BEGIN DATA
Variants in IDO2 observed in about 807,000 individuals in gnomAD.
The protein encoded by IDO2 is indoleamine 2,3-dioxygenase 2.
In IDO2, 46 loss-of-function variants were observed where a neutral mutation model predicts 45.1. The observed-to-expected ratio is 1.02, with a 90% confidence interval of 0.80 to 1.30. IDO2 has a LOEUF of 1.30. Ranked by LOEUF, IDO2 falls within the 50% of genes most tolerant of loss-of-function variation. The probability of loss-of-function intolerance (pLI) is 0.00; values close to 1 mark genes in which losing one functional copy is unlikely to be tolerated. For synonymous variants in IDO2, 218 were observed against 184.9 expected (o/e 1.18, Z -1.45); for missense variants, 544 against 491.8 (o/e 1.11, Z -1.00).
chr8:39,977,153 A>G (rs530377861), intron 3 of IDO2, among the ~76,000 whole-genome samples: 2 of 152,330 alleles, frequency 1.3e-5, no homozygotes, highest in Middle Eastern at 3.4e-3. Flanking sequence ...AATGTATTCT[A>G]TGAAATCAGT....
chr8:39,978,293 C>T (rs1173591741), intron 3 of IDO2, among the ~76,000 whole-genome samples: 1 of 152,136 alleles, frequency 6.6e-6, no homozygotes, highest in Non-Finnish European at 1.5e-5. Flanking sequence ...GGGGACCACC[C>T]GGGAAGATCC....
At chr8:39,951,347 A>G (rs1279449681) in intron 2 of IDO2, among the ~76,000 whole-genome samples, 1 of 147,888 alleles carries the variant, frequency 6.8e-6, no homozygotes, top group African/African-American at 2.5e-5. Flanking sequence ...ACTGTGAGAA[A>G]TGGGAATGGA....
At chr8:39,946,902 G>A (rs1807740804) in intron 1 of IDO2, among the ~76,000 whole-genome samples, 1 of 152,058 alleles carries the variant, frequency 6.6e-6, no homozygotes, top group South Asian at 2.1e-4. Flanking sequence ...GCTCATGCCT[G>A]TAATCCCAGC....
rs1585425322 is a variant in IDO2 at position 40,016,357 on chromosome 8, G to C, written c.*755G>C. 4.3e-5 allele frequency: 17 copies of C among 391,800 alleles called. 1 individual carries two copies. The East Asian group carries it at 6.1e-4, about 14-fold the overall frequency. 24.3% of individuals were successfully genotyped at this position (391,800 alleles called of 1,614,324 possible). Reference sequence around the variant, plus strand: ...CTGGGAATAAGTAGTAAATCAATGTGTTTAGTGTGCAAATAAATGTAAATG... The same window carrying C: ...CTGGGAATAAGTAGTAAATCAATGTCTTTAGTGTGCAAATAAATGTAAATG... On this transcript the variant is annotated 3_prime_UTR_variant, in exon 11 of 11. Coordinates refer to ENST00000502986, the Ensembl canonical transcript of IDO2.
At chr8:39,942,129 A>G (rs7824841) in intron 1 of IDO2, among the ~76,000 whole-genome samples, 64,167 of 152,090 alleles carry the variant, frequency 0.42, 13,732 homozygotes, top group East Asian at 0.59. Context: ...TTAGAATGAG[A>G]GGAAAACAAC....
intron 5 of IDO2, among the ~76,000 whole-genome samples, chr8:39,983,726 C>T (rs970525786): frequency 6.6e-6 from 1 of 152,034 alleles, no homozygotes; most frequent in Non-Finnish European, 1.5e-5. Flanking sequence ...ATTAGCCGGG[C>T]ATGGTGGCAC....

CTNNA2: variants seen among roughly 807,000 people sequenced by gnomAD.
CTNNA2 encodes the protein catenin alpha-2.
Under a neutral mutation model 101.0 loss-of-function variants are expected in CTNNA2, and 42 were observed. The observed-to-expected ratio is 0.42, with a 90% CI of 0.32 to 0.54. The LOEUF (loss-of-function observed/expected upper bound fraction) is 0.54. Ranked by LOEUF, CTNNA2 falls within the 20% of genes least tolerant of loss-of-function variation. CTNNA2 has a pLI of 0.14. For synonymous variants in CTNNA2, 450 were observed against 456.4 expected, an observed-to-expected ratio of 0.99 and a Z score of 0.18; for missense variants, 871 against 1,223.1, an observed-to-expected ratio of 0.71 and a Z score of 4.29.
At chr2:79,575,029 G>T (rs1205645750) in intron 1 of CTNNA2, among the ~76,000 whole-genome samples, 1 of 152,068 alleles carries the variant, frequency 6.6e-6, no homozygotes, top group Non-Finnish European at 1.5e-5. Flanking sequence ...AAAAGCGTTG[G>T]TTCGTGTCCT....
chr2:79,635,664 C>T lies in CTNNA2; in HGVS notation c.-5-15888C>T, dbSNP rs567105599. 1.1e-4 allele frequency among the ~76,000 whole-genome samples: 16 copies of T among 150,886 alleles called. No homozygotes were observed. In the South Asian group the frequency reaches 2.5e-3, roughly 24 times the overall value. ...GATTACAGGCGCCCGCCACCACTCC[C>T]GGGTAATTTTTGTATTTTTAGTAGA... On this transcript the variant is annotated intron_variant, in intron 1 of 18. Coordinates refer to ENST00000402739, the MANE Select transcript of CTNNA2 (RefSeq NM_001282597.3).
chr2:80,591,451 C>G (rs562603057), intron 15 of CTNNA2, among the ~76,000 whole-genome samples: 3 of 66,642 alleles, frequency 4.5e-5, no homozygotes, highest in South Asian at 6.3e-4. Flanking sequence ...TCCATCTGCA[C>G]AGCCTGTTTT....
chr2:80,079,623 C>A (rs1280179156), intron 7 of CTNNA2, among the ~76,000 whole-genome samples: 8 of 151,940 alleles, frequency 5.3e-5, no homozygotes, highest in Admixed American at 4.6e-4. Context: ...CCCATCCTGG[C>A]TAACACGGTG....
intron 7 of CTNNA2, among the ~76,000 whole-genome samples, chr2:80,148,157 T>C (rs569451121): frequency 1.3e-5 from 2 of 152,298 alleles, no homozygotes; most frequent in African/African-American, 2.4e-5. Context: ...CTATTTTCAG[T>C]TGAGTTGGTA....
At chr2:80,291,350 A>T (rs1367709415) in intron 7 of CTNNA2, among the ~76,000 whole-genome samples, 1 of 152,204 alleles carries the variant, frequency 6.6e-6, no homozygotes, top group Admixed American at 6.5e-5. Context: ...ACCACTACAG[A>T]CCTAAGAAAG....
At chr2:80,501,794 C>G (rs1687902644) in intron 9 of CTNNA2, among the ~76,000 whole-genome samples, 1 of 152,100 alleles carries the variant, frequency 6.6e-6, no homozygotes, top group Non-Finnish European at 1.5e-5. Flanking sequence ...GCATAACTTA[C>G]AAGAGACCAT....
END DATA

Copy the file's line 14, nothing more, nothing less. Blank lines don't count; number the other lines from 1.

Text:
At chr2:79,575,029 G>T (rs1205645750) in intron 1 of CTNNA2, among the ~76,000 whole-genome samples, 1 of 152,068 alleles carries the variant, frequency 6.6e-6, no homozygotes, top group Non-Finnish European at 1.5e-5. Flanking sequence ...AAAAGCGTTG[G>T]TTCGTGTCCT....